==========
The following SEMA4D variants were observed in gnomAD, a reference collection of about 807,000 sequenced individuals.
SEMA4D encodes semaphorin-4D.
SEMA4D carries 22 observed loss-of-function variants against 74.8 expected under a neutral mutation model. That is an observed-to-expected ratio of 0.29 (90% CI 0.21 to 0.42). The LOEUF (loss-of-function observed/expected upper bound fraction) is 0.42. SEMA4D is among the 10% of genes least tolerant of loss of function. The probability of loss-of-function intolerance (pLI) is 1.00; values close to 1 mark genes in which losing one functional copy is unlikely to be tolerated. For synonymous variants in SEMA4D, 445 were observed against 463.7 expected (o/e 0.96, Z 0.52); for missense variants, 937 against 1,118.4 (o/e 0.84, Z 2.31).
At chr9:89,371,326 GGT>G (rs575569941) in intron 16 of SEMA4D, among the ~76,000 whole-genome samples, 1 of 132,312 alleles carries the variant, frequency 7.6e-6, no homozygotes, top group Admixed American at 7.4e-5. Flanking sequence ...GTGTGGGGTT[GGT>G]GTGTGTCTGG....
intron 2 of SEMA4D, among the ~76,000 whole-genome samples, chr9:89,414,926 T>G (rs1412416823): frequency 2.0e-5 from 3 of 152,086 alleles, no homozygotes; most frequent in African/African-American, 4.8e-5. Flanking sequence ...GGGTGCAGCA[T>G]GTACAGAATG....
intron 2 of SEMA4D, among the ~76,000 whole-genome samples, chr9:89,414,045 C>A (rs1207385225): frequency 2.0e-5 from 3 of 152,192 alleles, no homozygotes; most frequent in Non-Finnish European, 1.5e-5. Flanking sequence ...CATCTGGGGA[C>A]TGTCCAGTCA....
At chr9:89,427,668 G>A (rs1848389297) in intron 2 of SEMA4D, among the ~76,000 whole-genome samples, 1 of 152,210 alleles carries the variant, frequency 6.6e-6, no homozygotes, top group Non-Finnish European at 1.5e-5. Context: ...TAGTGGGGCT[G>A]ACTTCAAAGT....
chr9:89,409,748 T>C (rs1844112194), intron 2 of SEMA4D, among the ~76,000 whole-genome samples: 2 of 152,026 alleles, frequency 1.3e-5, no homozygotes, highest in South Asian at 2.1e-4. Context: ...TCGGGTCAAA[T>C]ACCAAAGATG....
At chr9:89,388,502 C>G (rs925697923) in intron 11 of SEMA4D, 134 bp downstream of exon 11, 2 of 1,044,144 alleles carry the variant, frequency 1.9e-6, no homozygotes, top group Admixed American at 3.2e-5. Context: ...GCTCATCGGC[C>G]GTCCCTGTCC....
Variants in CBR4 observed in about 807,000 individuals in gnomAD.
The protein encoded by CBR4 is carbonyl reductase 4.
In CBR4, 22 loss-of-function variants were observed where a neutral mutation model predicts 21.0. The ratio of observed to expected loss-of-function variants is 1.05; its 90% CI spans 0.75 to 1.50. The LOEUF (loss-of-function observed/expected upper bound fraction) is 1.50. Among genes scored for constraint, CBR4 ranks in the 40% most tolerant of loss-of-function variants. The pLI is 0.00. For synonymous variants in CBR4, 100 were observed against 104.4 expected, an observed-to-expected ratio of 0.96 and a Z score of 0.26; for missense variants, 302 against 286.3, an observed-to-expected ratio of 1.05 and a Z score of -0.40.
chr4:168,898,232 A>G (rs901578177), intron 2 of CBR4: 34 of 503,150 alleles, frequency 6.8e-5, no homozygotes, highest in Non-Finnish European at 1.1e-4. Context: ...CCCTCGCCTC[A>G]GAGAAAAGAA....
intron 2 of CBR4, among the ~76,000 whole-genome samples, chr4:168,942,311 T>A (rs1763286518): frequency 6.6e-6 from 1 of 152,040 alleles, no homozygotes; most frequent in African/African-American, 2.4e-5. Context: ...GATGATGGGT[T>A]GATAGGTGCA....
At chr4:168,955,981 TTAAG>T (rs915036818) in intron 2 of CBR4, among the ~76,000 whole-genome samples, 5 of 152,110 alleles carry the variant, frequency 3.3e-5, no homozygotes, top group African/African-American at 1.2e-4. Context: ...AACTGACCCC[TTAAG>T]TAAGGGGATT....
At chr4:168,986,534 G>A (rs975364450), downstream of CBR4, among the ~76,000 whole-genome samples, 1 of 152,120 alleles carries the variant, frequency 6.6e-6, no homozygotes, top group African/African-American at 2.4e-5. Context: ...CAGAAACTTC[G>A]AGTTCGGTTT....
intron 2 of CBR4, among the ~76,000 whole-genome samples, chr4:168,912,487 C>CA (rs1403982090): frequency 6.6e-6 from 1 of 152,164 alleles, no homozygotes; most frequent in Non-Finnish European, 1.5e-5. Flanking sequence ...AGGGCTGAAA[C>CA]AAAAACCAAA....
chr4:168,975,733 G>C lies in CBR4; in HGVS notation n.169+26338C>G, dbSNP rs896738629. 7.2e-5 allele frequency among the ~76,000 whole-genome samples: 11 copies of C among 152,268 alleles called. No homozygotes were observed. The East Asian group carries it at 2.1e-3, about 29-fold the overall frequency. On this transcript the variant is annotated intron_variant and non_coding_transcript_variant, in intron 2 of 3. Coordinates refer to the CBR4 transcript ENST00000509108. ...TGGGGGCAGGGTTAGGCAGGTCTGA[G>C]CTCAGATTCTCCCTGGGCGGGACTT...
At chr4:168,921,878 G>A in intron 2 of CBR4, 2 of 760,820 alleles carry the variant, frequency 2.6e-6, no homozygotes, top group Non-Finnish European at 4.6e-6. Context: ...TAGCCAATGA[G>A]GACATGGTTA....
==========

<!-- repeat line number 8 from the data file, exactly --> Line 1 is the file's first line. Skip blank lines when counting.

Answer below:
chr9:89,409,748 T>C (rs1844112194), intron 2 of SEMA4D, among the ~76,000 whole-genome samples: 2 of 152,026 alleles, frequency 1.3e-5, no homozygotes, highest in South Asian at 2.1e-4. Context: ...TCGGGTCAAA[T>C]ACCAAAGATG....